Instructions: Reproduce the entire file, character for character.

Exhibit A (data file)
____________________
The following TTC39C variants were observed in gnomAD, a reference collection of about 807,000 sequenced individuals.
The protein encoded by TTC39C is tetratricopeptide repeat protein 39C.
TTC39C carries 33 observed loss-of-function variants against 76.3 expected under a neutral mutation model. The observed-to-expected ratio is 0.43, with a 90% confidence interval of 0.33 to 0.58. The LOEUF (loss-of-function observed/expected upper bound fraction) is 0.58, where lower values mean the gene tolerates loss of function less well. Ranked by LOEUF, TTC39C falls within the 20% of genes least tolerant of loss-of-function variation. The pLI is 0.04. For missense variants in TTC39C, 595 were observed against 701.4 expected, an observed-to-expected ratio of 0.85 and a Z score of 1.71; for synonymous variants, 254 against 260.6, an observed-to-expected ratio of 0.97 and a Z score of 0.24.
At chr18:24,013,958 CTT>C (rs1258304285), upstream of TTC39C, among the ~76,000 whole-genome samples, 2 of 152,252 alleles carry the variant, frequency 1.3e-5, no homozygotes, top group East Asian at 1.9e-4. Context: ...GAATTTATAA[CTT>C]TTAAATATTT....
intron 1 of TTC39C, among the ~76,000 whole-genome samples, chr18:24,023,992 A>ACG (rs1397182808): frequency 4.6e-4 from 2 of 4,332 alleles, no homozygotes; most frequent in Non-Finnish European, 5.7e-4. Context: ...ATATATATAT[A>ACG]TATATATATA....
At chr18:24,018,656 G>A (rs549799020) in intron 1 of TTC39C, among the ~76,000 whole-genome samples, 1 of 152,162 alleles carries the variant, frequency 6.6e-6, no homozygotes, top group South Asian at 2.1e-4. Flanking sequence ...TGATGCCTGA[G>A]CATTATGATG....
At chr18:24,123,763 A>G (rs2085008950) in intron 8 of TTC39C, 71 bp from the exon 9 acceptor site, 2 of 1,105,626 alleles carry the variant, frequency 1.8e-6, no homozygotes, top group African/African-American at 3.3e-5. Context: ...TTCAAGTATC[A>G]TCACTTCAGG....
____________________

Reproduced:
The following TTC39C variants were observed in gnomAD, a reference collection of about 807,000 sequenced individuals.
The protein encoded by TTC39C is tetratricopeptide repeat protein 39C.
TTC39C carries 33 observed loss-of-function variants against 76.3 expected under a neutral mutation model. The observed-to-expected ratio is 0.43, with a 90% confidence interval of 0.33 to 0.58. The LOEUF (loss-of-function observed/expected upper bound fraction) is 0.58, where lower values mean the gene tolerates loss of function less well. Ranked by LOEUF, TTC39C falls within the 20% of genes least tolerant of loss-of-function variation. The pLI is 0.04. For missense variants in TTC39C, 595 were observed against 701.4 expected, an observed-to-expected ratio of 0.85 and a Z score of 1.71; for synonymous variants, 254 against 260.6, an observed-to-expected ratio of 0.97 and a Z score of 0.24.
At chr18:24,013,958 CTT>C (rs1258304285), upstream of TTC39C, among the ~76,000 whole-genome samples, 2 of 152,252 alleles carry the variant, frequency 1.3e-5, no homozygotes, top group East Asian at 1.9e-4. Context: ...GAATTTATAA[CTT>C]TTAAATATTT....
intron 1 of TTC39C, among the ~76,000 whole-genome samples, chr18:24,023,992 A>ACG (rs1397182808): frequency 4.6e-4 from 2 of 4,332 alleles, no homozygotes; most frequent in Non-Finnish European, 5.7e-4. Context: ...ATATATATAT[A>ACG]TATATATATA....
At chr18:24,018,656 G>A (rs549799020) in intron 1 of TTC39C, among the ~76,000 whole-genome samples, 1 of 152,162 alleles carries the variant, frequency 6.6e-6, no homozygotes, top group South Asian at 2.1e-4. Flanking sequence ...TGATGCCTGA[G>A]CATTATGATG....
At chr18:24,123,763 A>G (rs2085008950) in intron 8 of TTC39C, 71 bp from the exon 9 acceptor site, 2 of 1,105,626 alleles carry the variant, frequency 1.8e-6, no homozygotes, top group African/African-American at 3.3e-5. Context: ...TTCAAGTATC[A>G]TCACTTCAGG....